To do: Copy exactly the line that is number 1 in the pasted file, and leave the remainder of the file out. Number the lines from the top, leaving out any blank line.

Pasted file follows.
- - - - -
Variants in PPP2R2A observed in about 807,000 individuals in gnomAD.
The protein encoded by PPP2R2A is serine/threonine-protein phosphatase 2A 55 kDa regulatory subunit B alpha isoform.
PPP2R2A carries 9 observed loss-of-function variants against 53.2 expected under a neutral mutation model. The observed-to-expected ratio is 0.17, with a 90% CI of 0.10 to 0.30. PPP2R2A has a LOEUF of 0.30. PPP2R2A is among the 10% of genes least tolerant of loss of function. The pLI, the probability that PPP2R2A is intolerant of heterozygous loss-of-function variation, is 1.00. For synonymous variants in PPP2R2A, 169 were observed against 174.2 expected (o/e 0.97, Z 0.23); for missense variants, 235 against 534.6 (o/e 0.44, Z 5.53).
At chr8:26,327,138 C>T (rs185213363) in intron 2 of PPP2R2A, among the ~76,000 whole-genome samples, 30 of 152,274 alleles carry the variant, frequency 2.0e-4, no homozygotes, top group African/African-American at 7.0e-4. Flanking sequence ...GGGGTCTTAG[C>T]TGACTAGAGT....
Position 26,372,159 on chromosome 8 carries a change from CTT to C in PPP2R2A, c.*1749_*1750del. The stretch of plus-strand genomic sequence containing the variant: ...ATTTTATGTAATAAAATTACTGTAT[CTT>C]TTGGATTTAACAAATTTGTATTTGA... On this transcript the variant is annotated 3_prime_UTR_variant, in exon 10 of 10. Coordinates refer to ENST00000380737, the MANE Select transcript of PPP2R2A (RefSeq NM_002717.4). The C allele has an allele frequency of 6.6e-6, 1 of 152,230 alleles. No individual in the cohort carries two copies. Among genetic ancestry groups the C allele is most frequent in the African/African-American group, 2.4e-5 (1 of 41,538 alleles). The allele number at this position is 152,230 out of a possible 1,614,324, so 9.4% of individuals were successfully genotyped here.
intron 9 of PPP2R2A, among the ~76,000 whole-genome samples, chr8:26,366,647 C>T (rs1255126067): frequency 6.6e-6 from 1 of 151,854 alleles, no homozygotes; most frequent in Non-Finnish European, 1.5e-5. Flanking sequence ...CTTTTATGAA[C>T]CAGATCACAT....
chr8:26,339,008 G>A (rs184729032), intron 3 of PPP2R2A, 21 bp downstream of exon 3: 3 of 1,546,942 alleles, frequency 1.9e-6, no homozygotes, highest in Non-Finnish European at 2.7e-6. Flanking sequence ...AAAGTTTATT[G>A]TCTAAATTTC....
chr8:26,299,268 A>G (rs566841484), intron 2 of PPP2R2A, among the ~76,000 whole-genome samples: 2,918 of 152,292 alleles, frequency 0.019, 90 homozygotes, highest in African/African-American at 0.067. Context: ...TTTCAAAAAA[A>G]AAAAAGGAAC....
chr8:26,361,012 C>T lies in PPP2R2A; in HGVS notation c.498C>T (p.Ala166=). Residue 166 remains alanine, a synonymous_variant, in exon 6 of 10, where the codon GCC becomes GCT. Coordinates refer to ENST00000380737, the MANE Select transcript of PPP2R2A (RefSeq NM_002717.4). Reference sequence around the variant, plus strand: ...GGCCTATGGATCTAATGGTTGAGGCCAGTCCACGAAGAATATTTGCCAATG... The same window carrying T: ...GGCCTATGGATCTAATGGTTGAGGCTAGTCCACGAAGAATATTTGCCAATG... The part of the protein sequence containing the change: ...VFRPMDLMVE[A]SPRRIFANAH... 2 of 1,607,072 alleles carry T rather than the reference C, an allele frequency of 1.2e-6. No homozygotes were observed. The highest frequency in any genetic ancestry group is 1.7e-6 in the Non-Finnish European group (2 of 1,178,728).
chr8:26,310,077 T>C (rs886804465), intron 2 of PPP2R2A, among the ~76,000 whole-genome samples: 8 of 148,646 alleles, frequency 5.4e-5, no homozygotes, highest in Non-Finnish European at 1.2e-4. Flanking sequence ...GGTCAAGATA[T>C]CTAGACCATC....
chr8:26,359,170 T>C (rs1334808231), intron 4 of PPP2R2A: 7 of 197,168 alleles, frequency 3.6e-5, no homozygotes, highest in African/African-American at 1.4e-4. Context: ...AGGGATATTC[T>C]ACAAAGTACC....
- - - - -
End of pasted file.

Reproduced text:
Variants in PPP2R2A observed in about 807,000 individuals in gnomAD.